Professor Treon has delivered numerous scientific and clinical lectures worldwide, and his scientific work has earned “Best of ASH” designations. He has published extensively on topics in WM and myeloma with over 250 peer-reviewed original reports, authoritative reviews, editorials, and chapters included in high-impact journals and textbooks. He has been the principal organizer of the International Workshops on WM since 2002. Professor Treon is an active member of the International Myeloma Society (IMS). He served on the scientific and organizing committees for the 8th and 11th International Myeloma Workshops (IMW) and was the Chair of the 17th IMW. His scientific and clinical research contributions in WM have been acknowledged by many awards including the Robert A. Kyle Award, the Jan Gosta Waldenstrom Lifetime Achievement Award, the Laurie Strauss Leukemia Foundation Outstanding Cancer Investigator Award, designation as “America’s Top Doctor” by U.S. News and World Report, the prestigious “One Hundred Award” from the Massachusetts General Hospital for Outstanding Cancer Research, the Bruce Waterfall Memorial Award from Weill Cornell Medical School, the Medical Oncology Discoverer Award for seminal work in Medical Oncology by the Dana Farber Cancer Institute. In 2017, Professor Treon was elected a fellow to the Royal College of Physicians in London, and in 2018 as a fellow of the American College of Physicians. In 2019, Professor Treon received the Distinguished Alumnus Award from Boston University Medical School in recognition of his work in WM.

A Review of NCCN Guidelines for WM
October 29 @ 12:45 PM. ET

Ask the Doctors: Live Panel with Q&A, Moderator
October 29 @ 2:15 PM. ET

Dr. Buske

Christian Buske, Prof. Dr. med.

Medical Director, Institute of Experimental Cancer Research, University Hospital Ulm

Senior Consultant, Department of Internal Medicine Ill, University Hosoital Ulm

Prof. Buske is currently Medical Director at the University Ulm, Germany and Senior Consultant of the Medical Department for Internal Medicine III, Hematology/Oncology, University Hospital Ulm.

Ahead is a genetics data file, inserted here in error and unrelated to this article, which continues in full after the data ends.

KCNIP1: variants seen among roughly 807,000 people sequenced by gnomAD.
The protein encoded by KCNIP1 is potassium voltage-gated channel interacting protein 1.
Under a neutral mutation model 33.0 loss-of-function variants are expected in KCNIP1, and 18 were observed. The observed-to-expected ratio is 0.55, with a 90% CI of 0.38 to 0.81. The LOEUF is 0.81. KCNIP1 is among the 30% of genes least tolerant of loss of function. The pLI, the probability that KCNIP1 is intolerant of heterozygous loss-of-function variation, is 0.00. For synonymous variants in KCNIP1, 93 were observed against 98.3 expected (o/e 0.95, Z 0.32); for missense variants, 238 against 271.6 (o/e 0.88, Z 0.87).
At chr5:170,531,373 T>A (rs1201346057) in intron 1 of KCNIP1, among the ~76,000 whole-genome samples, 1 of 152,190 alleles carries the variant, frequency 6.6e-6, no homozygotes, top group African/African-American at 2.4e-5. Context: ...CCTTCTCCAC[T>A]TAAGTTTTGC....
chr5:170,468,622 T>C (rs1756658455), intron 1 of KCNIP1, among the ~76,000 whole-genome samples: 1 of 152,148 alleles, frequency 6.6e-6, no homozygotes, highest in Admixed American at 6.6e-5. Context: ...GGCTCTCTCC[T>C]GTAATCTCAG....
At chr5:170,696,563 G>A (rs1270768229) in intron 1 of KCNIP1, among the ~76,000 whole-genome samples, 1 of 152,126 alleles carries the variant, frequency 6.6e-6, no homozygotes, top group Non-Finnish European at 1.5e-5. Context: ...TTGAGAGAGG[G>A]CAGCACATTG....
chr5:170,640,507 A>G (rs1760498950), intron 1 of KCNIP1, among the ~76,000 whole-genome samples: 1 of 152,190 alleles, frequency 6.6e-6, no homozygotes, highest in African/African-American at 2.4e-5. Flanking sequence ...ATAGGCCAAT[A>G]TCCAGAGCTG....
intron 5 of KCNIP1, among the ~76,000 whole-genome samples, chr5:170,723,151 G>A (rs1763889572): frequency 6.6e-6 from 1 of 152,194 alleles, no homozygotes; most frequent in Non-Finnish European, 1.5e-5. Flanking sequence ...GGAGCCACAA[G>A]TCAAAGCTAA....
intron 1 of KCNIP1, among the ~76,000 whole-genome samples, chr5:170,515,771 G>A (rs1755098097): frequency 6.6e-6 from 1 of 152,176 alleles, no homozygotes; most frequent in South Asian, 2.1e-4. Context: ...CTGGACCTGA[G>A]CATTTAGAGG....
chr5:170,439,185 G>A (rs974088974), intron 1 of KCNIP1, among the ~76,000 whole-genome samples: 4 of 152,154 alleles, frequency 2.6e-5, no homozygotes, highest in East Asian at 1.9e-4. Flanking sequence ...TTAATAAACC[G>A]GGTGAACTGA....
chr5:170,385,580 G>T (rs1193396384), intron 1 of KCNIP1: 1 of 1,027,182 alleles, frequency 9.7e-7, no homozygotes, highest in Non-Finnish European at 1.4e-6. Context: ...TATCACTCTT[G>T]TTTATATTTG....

He is primarily interested in indolent B-NHL, in particular follicular lymphoma and Waldenstrom´s disease. He and his colleagues are coordinating the “European Consortium for Waldenström’s Macroglobulinemia” (ECWM).

Prof. Buske is principal investigator of several national and international trials in follicular lymphoma and Waldenström’s Macroglobulinemia. In addition, he is heading a large translational research group focusing on the biology of hematological neoplasms. Prof. Buske has published over 200 peer – reviewed papers and acts as reviewer for journals such as NEJM, Science, Cancer Cell, Cell Stem Cell, JCO and Blood.

Since 2013, Prof. Buske has been Subject Editor of ESMO Guidelines Committee; he is also member of the ESMO Haematologic Malignancy Faculty Group.

Ask the Doctors: Live Panel with Q&A, Panelist

October 29 @ 2:15 PM. ET

Gwen Nichols, MD

Chief Medical Officer, Leukemia and Lymphoma Society

Dr. Nichols is the Chief Medical Officer of the Leukemia and Lymphoma Society. In this capacity she oversees the LLS Mission; Research, Patient Access, Education, Services, Policy. Current focus includes increasing clinical trial access and participation for cancer patients, and the LLS Children’s Initiative, a collaboration to change the development paradigm for children’s cancers. Prior to her position at LLS, Dr. Nichols directed the oncology translational medicine group at Roche in New York. Prior to Roche Dr. Nichols was a clinician researcher at Columbia University, caring for hematologic malignancies patients and directing the hematologic malignancies program.

Advancements Through IWMF-Funded Research
October 29 @ 3:45 PM ET